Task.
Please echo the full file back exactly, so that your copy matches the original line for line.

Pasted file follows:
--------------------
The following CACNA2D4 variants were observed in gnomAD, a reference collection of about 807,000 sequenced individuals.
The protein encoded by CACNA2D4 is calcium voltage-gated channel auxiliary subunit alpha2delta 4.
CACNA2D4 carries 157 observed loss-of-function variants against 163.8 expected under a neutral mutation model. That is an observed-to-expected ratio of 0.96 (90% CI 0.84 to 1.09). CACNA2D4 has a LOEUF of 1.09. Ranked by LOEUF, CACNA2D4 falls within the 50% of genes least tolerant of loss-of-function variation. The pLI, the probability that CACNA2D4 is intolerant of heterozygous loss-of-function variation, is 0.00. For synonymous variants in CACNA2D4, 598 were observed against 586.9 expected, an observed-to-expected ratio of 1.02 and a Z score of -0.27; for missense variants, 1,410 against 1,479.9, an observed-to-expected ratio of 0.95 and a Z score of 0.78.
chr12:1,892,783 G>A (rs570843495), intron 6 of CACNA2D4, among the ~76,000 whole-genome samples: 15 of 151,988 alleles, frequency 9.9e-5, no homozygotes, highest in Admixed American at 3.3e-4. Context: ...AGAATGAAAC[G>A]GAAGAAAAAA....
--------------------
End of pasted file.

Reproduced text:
The following CACNA2D4 variants were observed in gnomAD, a reference collection of about 807,000 sequenced individuals.
The protein encoded by CACNA2D4 is calcium voltage-gated channel auxiliary subunit alpha2delta 4.
CACNA2D4 carries 157 observed loss-of-function variants against 163.8 expected under a neutral mutation model. That is an observed-to-expected ratio of 0.96 (90% CI 0.84 to 1.09). CACNA2D4 has a LOEUF of 1.09. Ranked by LOEUF, CACNA2D4 falls within the 50% of genes least tolerant of loss-of-function variation. The pLI, the probability that CACNA2D4 is intolerant of heterozygous loss-of-function variation, is 0.00. For synonymous variants in CACNA2D4, 598 were observed against 586.9 expected, an observed-to-expected ratio of 1.02 and a Z score of -0.27; for missense variants, 1,410 against 1,479.9, an observed-to-expected ratio of 0.95 and a Z score of 0.78.
chr12:1,892,783 G>A (rs570843495), intron 6 of CACNA2D4, among the ~76,000 whole-genome samples: 15 of 151,988 alleles, frequency 9.9e-5, no homozygotes, highest in Admixed American at 3.3e-4. Context: ...AGAATGAAAC[G>A]GAAGAAAAAA....